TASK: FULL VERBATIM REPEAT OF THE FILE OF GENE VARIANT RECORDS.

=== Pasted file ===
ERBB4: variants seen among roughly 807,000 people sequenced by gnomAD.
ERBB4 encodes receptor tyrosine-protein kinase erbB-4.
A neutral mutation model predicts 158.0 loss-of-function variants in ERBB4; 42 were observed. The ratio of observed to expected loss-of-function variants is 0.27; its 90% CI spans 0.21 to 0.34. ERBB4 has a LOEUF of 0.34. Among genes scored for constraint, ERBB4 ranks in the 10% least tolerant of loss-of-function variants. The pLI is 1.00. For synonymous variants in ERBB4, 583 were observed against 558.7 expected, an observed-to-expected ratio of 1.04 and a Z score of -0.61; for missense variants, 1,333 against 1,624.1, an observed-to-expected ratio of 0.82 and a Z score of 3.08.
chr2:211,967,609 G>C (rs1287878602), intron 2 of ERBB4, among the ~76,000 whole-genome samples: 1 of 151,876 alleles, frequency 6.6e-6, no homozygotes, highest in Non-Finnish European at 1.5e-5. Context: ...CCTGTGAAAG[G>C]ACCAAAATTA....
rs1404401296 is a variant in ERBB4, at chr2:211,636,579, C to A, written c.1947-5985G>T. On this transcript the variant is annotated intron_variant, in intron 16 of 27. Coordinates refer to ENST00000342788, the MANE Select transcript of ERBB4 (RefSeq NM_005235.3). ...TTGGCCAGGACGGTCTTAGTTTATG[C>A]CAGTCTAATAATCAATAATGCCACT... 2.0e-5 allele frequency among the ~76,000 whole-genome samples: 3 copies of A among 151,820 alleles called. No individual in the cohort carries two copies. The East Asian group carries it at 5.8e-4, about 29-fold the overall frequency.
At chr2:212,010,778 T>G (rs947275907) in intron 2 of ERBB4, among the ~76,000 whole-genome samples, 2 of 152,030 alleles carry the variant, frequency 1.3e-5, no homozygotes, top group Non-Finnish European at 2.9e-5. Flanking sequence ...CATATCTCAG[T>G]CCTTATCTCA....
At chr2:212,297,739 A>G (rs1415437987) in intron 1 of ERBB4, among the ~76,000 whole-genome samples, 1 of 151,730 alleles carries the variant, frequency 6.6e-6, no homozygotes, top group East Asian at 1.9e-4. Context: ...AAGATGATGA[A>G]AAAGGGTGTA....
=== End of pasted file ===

ERBB4: variants seen among roughly 807,000 people sequenced by gnomAD.
ERBB4 encodes receptor tyrosine-protein kinase erbB-4.
A neutral mutation model predicts 158.0 loss-of-function variants in ERBB4; 42 were observed. The ratio of observed to expected loss-of-function variants is 0.27; its 90% CI spans 0.21 to 0.34. ERBB4 has a LOEUF of 0.34. Among genes scored for constraint, ERBB4 ranks in the 10% least tolerant of loss-of-function variants. The pLI is 1.00. For synonymous variants in ERBB4, 583 were observed against 558.7 expected, an observed-to-expected ratio of 1.04 and a Z score of -0.61; for missense variants, 1,333 against 1,624.1, an observed-to-expected ratio of 0.82 and a Z score of 3.08.
chr2:211,967,609 G>C (rs1287878602), intron 2 of ERBB4, among the ~76,000 whole-genome samples: 1 of 151,876 alleles, frequency 6.6e-6, no homozygotes, highest in Non-Finnish European at 1.5e-5. Context: ...CCTGTGAAAG[G>C]ACCAAAATTA....
rs1404401296 is a variant in ERBB4, at chr2:211,636,579, C to A, written c.1947-5985G>T. On this transcript the variant is annotated intron_variant, in intron 16 of 27. Coordinates refer to ENST00000342788, the MANE Select transcript of ERBB4 (RefSeq NM_005235.3). ...TTGGCCAGGACGGTCTTAGTTTATG[C>A]CAGTCTAATAATCAATAATGCCACT... 2.0e-5 allele frequency among the ~76,000 whole-genome samples: 3 copies of A among 151,820 alleles called. No individual in the cohort carries two copies. The East Asian group carries it at 5.8e-4, about 29-fold the overall frequency.
At chr2:212,010,778 T>G (rs947275907) in intron 2 of ERBB4, among the ~76,000 whole-genome samples, 2 of 152,030 alleles carry the variant, frequency 1.3e-5, no homozygotes, top group Non-Finnish European at 2.9e-5. Flanking sequence ...CATATCTCAG[T>G]CCTTATCTCA....
At chr2:212,297,739 A>G (rs1415437987) in intron 1 of ERBB4, among the ~76,000 whole-genome samples, 1 of 151,730 alleles carries the variant, frequency 6.6e-6, no homozygotes, top group East Asian at 1.9e-4. Context: ...AAGATGATGA[A>G]AAAGGGTGTA....